Friday, January 25, 2008

How R' Yaakov Emden learned to read European languages

To complement to S's recent post on Solomon Dubno, I decided to post this fascinating passage from R' Yaakov Emden's Megillat Sefer which describes the way in which he aquired his vast secular knowledge.

"I yearned to know and to recognize the script of the German language in its own form, which my revered father never taught me, nor did I learn their handwriting from a teacher. It was necessary for me to learn by myself. My heart was always inclined to know (and) to examine worldly matters as well; the (various) nations and faiths, their characteristics and dispositions, their histories and sciences, all of whose matters cannot be known from our sacred books.

This was also (necessary) in order to know how to respond (to a heretic),to mingle comfortably
with people, to know the proper etiquette of each country, the nature of the lands and of their inhabitants, to reveal their secrets and to overcome any difficulties. All this I yearned to learn from their own books in the original. (Yet,) I found no way or manner to achieve this for I did not permit myself to hire a teacher for reading foreign books. I feared a great waste (of time from Torah studies). It was also abominable in my eyes to spend money for this (and), in addition to which, I was simply embarrassed to do so lest people find out.

Behold, I knew (that) a young lad from among the servants was learning to write and read the German language. I clandestinely took him aside and asked him to show me the shape of the printed letters in the foreign alphabet. He had just begun to learn from a Christian teacher who was a scribe and he still barely knew the shape of the separate letters,without knowing how to read the connected letters nor understand the meaning of their words. The lad showed me just once or twice to say this is A, this is B, this is C, etc. Nothing more. With the help of God, may He be blessed, who endows man with wisdom, I immediately grasped the recognition of the letters in their forms. I then struggled by myself alone to put together the words; I applied myself and understood the matter without any assistance from any tutor or teacher whatsoever. Within a short time, I acquired the ability to read a German book as well, as if I had a teacher for this for many years.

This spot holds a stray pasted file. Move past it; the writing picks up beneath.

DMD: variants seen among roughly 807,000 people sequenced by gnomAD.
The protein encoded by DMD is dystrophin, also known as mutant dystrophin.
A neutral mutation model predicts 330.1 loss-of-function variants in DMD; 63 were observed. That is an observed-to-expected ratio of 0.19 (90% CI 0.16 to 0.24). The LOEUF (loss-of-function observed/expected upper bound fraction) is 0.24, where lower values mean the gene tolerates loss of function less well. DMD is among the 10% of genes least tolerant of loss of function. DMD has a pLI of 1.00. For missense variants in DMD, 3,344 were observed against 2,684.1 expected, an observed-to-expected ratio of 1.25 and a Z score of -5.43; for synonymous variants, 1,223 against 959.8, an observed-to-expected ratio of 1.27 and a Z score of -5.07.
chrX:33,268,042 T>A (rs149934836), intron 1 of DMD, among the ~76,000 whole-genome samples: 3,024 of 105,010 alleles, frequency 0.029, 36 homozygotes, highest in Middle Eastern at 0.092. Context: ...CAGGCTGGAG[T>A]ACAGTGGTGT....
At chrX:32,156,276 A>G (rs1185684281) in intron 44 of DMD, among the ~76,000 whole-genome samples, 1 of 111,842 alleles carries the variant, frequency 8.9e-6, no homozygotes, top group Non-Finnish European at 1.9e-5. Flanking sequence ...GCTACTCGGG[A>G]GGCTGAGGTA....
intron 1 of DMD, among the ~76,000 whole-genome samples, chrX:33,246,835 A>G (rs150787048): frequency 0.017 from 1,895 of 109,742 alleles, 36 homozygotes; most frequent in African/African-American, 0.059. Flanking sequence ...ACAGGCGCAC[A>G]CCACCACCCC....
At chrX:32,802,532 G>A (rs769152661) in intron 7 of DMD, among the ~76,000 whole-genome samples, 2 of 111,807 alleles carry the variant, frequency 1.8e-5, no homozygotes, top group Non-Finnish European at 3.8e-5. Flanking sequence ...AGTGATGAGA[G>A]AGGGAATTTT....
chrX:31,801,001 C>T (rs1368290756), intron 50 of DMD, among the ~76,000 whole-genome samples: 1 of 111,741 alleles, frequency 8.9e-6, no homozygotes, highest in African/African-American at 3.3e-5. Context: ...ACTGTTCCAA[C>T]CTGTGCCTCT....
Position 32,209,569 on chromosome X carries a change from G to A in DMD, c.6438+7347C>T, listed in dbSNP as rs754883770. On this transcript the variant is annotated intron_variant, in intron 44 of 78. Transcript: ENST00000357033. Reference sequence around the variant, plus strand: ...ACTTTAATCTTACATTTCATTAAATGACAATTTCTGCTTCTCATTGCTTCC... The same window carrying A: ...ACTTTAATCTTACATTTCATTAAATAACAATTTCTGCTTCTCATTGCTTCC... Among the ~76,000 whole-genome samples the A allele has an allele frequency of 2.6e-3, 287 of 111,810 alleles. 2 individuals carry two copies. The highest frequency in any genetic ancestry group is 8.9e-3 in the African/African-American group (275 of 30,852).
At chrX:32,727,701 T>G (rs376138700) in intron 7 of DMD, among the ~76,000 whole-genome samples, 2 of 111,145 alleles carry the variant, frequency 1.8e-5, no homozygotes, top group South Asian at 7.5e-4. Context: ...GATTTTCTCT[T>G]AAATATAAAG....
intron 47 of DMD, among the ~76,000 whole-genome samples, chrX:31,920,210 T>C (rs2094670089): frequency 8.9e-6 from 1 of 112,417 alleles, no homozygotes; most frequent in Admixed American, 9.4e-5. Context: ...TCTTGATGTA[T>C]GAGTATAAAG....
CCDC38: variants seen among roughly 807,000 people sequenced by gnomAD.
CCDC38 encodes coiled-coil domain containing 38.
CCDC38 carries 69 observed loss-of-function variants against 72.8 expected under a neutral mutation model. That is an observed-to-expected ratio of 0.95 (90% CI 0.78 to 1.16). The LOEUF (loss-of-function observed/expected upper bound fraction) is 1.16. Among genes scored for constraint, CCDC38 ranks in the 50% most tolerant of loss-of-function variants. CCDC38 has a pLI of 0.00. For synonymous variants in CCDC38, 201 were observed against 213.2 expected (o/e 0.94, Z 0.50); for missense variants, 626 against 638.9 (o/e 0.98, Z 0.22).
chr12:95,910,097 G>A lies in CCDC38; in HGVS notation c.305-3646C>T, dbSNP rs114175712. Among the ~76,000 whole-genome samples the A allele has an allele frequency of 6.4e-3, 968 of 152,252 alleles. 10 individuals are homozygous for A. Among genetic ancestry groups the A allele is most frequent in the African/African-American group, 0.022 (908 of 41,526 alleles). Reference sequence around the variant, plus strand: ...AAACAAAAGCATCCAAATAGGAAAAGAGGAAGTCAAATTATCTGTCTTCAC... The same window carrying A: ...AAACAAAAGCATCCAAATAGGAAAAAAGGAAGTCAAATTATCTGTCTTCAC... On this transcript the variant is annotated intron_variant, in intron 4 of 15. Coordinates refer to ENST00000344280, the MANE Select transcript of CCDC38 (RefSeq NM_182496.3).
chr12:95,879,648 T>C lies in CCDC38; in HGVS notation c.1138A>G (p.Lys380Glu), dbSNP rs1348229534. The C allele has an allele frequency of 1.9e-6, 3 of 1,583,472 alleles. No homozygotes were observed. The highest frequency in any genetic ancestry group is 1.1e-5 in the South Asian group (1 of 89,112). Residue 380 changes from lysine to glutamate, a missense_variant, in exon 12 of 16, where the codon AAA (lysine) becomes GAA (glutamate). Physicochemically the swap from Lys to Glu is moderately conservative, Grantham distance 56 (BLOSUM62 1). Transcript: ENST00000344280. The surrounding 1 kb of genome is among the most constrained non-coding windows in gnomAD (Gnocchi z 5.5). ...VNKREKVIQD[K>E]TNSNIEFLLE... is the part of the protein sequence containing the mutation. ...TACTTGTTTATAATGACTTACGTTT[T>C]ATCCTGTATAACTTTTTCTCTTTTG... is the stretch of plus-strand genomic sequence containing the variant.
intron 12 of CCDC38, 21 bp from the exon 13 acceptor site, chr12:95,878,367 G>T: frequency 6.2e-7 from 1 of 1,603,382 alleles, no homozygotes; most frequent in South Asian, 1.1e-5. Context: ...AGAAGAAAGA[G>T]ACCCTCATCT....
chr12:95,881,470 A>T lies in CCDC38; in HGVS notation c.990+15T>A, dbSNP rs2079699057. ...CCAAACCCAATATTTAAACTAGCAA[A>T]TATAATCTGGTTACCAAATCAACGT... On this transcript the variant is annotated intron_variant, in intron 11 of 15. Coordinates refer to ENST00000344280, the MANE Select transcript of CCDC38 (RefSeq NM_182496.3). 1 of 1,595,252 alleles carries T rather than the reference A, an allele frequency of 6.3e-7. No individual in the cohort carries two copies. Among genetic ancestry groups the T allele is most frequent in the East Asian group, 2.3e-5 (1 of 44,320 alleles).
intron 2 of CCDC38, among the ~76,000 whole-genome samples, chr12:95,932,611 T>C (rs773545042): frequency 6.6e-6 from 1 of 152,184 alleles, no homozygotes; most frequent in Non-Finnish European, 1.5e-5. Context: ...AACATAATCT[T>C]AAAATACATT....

However, I succeeded in reading only their printed books and Latin script. But the German
script, with its swift connected flourishes, I still cannot recognize because of my inadequate study. Even in the printed Latin script there remained certain forms and markings or changes in the image of the letters that I do not know to this day.

For this matter I snatched surreptitiously and fleetingly. Even the lad who had shown me was not perfect.Afterwards, I was ashamed to ask anyone (to help me with) that which I failed to understand of their wisdom. With it all, I hastened to read all their printed books immediately by myself until I acquired the skill to read even the Dutch language and gazettes and also to understand much of the Latin language.

I read many of their books with all varied information about Europe, to understand all the views of people around the world in matters of their faiths and religious customs and to reveal their
thoughts about us and our holy faith. I also long, my soul yearns to know and to